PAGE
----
You asked for opinions, and you got mine. I wish you the best of luck in your college search, and I hope you find the right one for you :)

    Regards,
    Der strom
     
  4. mlog

    Member

    Feb 11, 2012
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    I don't think you can go wrong with either of those schools. Both have an excellent reputation.
     
  5. strantor

    AAC Fanatic!

    Oct 3, 2010
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    turd burglars!
    For what it's worth, I'm familiar with Purdue but not Rose Hullman. Maybe ignorance on my part, but if I'm ignorant, so is someone else, who might be interviewing you. If notariety is what it comes down to, I would go with purdue.
     
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  6. magnet18

    Thread Starter Senior Member

    Dec 22, 2010
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    Thankyou all
    I'm probably leaning towards purdue because it's better known and much cheaper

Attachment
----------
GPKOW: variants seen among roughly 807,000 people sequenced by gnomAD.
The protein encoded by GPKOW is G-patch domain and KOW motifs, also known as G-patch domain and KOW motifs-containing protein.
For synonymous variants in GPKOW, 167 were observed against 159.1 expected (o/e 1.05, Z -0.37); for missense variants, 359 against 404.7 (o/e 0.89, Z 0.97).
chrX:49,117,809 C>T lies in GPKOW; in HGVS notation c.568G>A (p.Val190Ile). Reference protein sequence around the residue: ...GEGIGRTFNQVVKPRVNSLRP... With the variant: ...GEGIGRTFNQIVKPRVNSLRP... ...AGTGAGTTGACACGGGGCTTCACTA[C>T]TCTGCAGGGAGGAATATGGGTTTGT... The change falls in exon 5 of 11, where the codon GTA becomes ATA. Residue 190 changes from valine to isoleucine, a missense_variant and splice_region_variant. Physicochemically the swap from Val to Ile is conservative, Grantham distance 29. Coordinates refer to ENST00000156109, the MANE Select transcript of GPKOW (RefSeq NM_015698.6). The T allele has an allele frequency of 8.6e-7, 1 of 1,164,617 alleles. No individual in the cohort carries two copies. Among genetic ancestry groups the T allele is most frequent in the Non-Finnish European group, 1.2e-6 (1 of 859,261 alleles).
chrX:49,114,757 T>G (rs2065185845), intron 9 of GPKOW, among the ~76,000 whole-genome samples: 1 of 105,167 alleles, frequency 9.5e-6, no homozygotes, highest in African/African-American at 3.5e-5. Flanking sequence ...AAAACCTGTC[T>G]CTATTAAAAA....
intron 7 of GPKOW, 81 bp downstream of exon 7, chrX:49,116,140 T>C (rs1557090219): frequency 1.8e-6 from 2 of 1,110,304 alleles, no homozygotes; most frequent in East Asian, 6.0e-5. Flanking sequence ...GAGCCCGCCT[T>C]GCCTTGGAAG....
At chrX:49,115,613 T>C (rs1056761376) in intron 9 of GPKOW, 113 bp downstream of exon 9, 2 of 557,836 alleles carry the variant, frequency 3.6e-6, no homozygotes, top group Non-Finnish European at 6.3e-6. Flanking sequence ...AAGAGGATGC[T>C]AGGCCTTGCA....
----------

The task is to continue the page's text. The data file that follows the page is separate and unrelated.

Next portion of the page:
However, FWIW, Rose Hulman is #1 in the US for undergraduate engineering, and if I went there I could probably go to MIT for grad school (I'm planning on grad school)

    Purdue pros-
    cheaper
    more well known
    more things to do on large campus
    cons-
    large school, no attention from prof's


    RHIT pros-
    probably a better education
    attention from profs, small classes
    cons-
    nothing to do nearby
    $$$$
     
  7. jimkeith

    Active Member

    Oct 26, 2011
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    before you go trillions into debt, consider the following:[​IMG]

    I, myself, went to WIT in Boston--while having a good reputation among Bay State employers, it is not nearly in the same class as MIT--that is where the MIT dropouts went--funny thing, they did not make it there either.